The Prairie Parkland (PPA) Province traverses western Minnesota, extending northwest into Manitoba, west into North Dakota and South Dakota, south into Iowa, Nebraska, Kansas, Oklahoma, and Missouri, and east into Illinois and Indiana. In Minnesota, the province covers just over 16 million acres (6.5 million hectares), coinciding with the part of the state historically dominated by tallgrass prairie. Mean annual temperatures (1971-2000 normals) vary from 36°F (2°C) in the north to 48°F (9°C) in the south. Evapotranspiration is greater than precipitation across much of the province in Minnesota, with deficits reaching -8 inches (-20cm) along the western edge. The extreme southeastern corner of the province is characterized by a small (1 inch [3cm]) precipitation surplus. Precipitation increases from about 18 inches (46cm) annually in the north to 33 inches (84cm) in the south. Low winter precipitation, short duration of snow cover, and desiccating westerly winds promote severe spring fire seasons that favor grassland over forest vegetation.
The land surface of the province was heavily influenced by the most recent glaciation. Ice sheets crossed the province several times during the Wisconsin glaciation, depositing a mantle of drift 100 feet to 600 feet (30 meters to 180 meters) thick in most places. The last lobe of ice, the Des Moines lobe, deposited calcareous drift in the southern part of the province. The ice lobe was fronted to the north by the largest pro-glacial lake in North America, Glacial Lake Agassiz, which deposited deep-water sediments over the northern part of the province in Minnesota. Glacial River Warren, the early outlet at the southern end of Glacial Lake Agassiz, cut a deep, broad valley that bisects the southern half of the province. This valley is now occupied by the Minnesota River. Because of the thick mantle of drift covering most of the province, bedrock exposures are rare, being limited to the deeply downcut Minnesota River valley and a few places where quartzite bedrock highs protrude through thinner drift in the southwestern corner of the province.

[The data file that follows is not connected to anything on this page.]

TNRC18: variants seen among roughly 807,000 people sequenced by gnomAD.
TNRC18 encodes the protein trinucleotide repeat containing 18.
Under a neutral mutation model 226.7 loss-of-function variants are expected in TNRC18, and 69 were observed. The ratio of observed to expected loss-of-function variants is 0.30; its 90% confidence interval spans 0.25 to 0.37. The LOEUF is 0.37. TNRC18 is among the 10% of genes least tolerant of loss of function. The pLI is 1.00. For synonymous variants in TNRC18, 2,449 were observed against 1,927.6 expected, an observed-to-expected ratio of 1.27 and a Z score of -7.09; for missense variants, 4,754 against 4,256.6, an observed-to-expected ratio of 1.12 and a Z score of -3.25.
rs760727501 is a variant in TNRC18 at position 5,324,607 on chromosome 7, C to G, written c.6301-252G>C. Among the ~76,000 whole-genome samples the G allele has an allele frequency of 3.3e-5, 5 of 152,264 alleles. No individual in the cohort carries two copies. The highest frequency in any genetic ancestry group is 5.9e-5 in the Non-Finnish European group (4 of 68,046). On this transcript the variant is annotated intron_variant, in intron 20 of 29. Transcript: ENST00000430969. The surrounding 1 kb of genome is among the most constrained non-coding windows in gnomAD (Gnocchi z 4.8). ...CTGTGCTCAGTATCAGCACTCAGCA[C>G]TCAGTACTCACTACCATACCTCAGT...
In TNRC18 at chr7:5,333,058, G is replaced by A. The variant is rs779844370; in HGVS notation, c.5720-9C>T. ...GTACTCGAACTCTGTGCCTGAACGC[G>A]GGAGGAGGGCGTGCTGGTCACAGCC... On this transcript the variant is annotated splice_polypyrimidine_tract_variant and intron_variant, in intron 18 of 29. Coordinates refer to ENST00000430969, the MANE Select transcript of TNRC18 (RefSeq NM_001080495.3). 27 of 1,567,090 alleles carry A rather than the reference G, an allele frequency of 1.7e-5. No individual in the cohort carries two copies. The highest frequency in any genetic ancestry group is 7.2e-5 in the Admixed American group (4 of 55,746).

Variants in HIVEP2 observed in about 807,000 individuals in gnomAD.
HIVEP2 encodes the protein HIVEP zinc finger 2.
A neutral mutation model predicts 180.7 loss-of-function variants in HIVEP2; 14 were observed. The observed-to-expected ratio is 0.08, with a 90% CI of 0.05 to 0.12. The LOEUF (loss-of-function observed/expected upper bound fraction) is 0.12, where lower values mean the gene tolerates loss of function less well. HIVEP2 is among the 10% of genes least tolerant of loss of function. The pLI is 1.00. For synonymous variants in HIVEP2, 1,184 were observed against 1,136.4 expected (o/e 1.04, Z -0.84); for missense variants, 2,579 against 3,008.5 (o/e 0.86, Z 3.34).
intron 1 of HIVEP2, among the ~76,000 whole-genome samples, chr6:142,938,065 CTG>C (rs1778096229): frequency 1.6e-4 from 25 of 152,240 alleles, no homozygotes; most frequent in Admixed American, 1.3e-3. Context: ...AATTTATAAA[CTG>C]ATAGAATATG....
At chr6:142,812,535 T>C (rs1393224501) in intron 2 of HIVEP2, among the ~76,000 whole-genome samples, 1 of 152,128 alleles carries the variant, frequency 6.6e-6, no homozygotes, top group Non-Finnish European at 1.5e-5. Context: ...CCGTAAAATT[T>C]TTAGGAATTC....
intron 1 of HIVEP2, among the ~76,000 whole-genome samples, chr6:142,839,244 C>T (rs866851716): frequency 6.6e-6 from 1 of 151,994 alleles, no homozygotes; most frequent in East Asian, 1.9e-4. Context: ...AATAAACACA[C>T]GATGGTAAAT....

Sections are units within Provinces that are defined by origin of glacial deposits, regional elevation, distribution of plants, and regional climate. Minnesota has 10 sections. Printable map of sections
Subsections are units within Sections that are defined using glacial deposition processes, surface bedrock formations, local climate, topographic relief, and the distribution of plants, especially trees. Minnesota has 26 subsections. Printable map of subsections